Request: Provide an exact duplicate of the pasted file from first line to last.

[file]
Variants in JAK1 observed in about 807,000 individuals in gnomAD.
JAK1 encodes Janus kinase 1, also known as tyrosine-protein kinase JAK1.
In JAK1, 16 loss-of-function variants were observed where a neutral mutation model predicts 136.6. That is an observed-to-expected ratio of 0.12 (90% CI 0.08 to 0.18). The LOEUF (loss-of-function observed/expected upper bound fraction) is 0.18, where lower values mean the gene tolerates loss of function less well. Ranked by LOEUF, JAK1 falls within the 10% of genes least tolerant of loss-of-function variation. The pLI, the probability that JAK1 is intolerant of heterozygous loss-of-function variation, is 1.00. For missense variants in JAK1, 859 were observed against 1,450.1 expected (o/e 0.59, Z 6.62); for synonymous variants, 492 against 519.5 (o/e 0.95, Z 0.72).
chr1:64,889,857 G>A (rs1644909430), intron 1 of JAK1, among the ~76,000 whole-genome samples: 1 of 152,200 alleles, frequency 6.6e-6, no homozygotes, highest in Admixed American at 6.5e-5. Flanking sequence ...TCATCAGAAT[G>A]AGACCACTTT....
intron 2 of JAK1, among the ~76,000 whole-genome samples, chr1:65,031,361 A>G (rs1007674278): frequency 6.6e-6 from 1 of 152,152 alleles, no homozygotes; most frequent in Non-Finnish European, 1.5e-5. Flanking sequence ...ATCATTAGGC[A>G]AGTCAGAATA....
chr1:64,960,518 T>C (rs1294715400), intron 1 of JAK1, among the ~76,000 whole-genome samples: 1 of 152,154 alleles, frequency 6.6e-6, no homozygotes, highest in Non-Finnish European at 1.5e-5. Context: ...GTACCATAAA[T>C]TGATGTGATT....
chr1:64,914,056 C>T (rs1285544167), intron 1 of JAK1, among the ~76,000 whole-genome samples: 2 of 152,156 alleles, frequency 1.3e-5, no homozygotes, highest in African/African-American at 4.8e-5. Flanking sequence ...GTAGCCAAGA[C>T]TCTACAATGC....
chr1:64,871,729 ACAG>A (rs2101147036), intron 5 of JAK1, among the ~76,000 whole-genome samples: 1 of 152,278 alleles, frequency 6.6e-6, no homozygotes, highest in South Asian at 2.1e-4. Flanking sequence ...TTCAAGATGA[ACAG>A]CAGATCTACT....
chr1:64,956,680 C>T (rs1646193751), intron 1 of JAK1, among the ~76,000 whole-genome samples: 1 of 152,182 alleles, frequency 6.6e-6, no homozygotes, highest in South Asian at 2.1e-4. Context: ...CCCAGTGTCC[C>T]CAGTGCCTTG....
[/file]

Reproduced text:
Variants in JAK1 observed in about 807,000 individuals in gnomAD.
JAK1 encodes Janus kinase 1, also known as tyrosine-protein kinase JAK1.
In JAK1, 16 loss-of-function variants were observed where a neutral mutation model predicts 136.6. That is an observed-to-expected ratio of 0.12 (90% CI 0.08 to 0.18). The LOEUF (loss-of-function observed/expected upper bound fraction) is 0.18, where lower values mean the gene tolerates loss of function less well. Ranked by LOEUF, JAK1 falls within the 10% of genes least tolerant of loss-of-function variation. The pLI, the probability that JAK1 is intolerant of heterozygous loss-of-function variation, is 1.00. For missense variants in JAK1, 859 were observed against 1,450.1 expected (o/e 0.59, Z 6.62); for synonymous variants, 492 against 519.5 (o/e 0.95, Z 0.72).
chr1:64,889,857 G>A (rs1644909430), intron 1 of JAK1, among the ~76,000 whole-genome samples: 1 of 152,200 alleles, frequency 6.6e-6, no homozygotes, highest in Admixed American at 6.5e-5. Flanking sequence ...TCATCAGAAT[G>A]AGACCACTTT....
intron 2 of JAK1, among the ~76,000 whole-genome samples, chr1:65,031,361 A>G (rs1007674278): frequency 6.6e-6 from 1 of 152,152 alleles, no homozygotes; most frequent in Non-Finnish European, 1.5e-5. Flanking sequence ...ATCATTAGGC[A>G]AGTCAGAATA....
chr1:64,960,518 T>C (rs1294715400), intron 1 of JAK1, among the ~76,000 whole-genome samples: 1 of 152,154 alleles, frequency 6.6e-6, no homozygotes, highest in Non-Finnish European at 1.5e-5. Context: ...GTACCATAAA[T>C]TGATGTGATT....
chr1:64,914,056 C>T (rs1285544167), intron 1 of JAK1, among the ~76,000 whole-genome samples: 2 of 152,156 alleles, frequency 1.3e-5, no homozygotes, highest in African/African-American at 4.8e-5. Flanking sequence ...GTAGCCAAGA[C>T]TCTACAATGC....
chr1:64,871,729 ACAG>A (rs2101147036), intron 5 of JAK1, among the ~76,000 whole-genome samples: 1 of 152,278 alleles, frequency 6.6e-6, no homozygotes, highest in South Asian at 2.1e-4. Flanking sequence ...TTCAAGATGA[ACAG>A]CAGATCTACT....
chr1:64,956,680 C>T (rs1646193751), intron 1 of JAK1, among the ~76,000 whole-genome samples: 1 of 152,182 alleles, frequency 6.6e-6, no homozygotes, highest in South Asian at 2.1e-4. Context: ...CCCAGTGTCC[C>T]CAGTGCCTTG....